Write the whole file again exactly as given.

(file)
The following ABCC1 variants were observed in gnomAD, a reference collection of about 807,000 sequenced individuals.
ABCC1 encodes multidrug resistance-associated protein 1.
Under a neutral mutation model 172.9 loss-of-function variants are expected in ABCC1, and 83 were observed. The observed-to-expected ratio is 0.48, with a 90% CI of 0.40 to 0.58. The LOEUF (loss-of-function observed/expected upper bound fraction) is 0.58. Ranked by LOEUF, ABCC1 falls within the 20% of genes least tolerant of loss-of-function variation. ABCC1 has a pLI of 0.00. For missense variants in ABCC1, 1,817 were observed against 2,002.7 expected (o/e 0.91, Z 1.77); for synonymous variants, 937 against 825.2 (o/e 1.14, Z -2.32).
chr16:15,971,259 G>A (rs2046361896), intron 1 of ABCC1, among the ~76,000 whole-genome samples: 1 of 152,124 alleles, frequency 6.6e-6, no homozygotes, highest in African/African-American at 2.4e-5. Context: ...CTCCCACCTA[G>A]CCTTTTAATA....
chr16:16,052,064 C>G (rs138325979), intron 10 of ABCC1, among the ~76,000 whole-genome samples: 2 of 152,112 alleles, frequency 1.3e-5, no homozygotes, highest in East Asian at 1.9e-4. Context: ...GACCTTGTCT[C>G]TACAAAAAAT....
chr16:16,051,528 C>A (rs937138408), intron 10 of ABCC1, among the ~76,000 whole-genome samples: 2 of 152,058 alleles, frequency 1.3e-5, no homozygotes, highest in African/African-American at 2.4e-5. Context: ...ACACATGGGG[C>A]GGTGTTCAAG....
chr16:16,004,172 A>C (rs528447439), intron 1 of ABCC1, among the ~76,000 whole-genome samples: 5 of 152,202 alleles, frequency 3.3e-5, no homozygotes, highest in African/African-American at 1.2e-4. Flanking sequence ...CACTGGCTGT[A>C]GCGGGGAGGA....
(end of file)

The following ABCC1 variants were observed in gnomAD, a reference collection of about 807,000 sequenced individuals.
ABCC1 encodes multidrug resistance-associated protein 1.
Under a neutral mutation model 172.9 loss-of-function variants are expected in ABCC1, and 83 were observed. The observed-to-expected ratio is 0.48, with a 90% CI of 0.40 to 0.58. The LOEUF (loss-of-function observed/expected upper bound fraction) is 0.58. Ranked by LOEUF, ABCC1 falls within the 20% of genes least tolerant of loss-of-function variation. ABCC1 has a pLI of 0.00. For missense variants in ABCC1, 1,817 were observed against 2,002.7 expected (o/e 0.91, Z 1.77); for synonymous variants, 937 against 825.2 (o/e 1.14, Z -2.32).
chr16:15,971,259 G>A (rs2046361896), intron 1 of ABCC1, among the ~76,000 whole-genome samples: 1 of 152,124 alleles, frequency 6.6e-6, no homozygotes, highest in African/African-American at 2.4e-5. Context: ...CTCCCACCTA[G>A]CCTTTTAATA....
chr16:16,052,064 C>G (rs138325979), intron 10 of ABCC1, among the ~76,000 whole-genome samples: 2 of 152,112 alleles, frequency 1.3e-5, no homozygotes, highest in East Asian at 1.9e-4. Context: ...GACCTTGTCT[C>G]TACAAAAAAT....
chr16:16,051,528 C>A (rs937138408), intron 10 of ABCC1, among the ~76,000 whole-genome samples: 2 of 152,058 alleles, frequency 1.3e-5, no homozygotes, highest in African/African-American at 2.4e-5. Context: ...ACACATGGGG[C>A]GGTGTTCAAG....
chr16:16,004,172 A>C (rs528447439), intron 1 of ABCC1, among the ~76,000 whole-genome samples: 5 of 152,202 alleles, frequency 3.3e-5, no homozygotes, highest in African/African-American at 1.2e-4. Flanking sequence ...CACTGGCTGT[A>C]GCGGGGAGGA....